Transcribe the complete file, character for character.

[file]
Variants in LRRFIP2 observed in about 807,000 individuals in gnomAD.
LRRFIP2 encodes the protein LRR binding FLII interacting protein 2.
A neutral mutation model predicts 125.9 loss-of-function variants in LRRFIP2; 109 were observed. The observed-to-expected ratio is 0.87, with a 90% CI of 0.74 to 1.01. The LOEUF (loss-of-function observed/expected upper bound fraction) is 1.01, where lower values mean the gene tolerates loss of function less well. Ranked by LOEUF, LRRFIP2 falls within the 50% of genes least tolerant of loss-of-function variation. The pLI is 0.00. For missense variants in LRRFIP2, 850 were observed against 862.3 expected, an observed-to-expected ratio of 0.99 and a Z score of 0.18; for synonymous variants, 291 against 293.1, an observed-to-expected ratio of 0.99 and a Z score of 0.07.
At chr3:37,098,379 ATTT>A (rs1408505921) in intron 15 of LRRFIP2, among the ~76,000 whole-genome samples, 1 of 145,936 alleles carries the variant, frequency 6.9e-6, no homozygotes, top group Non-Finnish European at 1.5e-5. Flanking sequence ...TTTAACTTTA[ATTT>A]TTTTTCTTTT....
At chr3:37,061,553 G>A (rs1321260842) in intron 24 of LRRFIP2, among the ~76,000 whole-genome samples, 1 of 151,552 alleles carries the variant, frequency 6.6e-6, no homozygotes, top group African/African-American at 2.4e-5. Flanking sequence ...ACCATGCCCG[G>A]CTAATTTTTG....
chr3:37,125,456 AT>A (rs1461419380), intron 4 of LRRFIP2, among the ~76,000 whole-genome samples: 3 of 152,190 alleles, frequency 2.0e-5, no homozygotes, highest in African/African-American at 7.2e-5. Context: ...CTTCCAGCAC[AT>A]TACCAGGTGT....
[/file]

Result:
Variants in LRRFIP2 observed in about 807,000 individuals in gnomAD.
LRRFIP2 encodes the protein LRR binding FLII interacting protein 2.
A neutral mutation model predicts 125.9 loss-of-function variants in LRRFIP2; 109 were observed. The observed-to-expected ratio is 0.87, with a 90% CI of 0.74 to 1.01. The LOEUF (loss-of-function observed/expected upper bound fraction) is 1.01, where lower values mean the gene tolerates loss of function less well. Ranked by LOEUF, LRRFIP2 falls within the 50% of genes least tolerant of loss-of-function variation. The pLI is 0.00. For missense variants in LRRFIP2, 850 were observed against 862.3 expected, an observed-to-expected ratio of 0.99 and a Z score of 0.18; for synonymous variants, 291 against 293.1, an observed-to-expected ratio of 0.99 and a Z score of 0.07.
At chr3:37,098,379 ATTT>A (rs1408505921) in intron 15 of LRRFIP2, among the ~76,000 whole-genome samples, 1 of 145,936 alleles carries the variant, frequency 6.9e-6, no homozygotes, top group Non-Finnish European at 1.5e-5. Flanking sequence ...TTTAACTTTA[ATTT>A]TTTTTCTTTT....
At chr3:37,061,553 G>A (rs1321260842) in intron 24 of LRRFIP2, among the ~76,000 whole-genome samples, 1 of 151,552 alleles carries the variant, frequency 6.6e-6, no homozygotes, top group African/African-American at 2.4e-5. Flanking sequence ...ACCATGCCCG[G>A]CTAATTTTTG....
chr3:37,125,456 AT>A (rs1461419380), intron 4 of LRRFIP2, among the ~76,000 whole-genome samples: 3 of 152,190 alleles, frequency 2.0e-5, no homozygotes, highest in African/African-American at 7.2e-5. Context: ...CTTCCAGCAC[AT>A]TACCAGGTGT....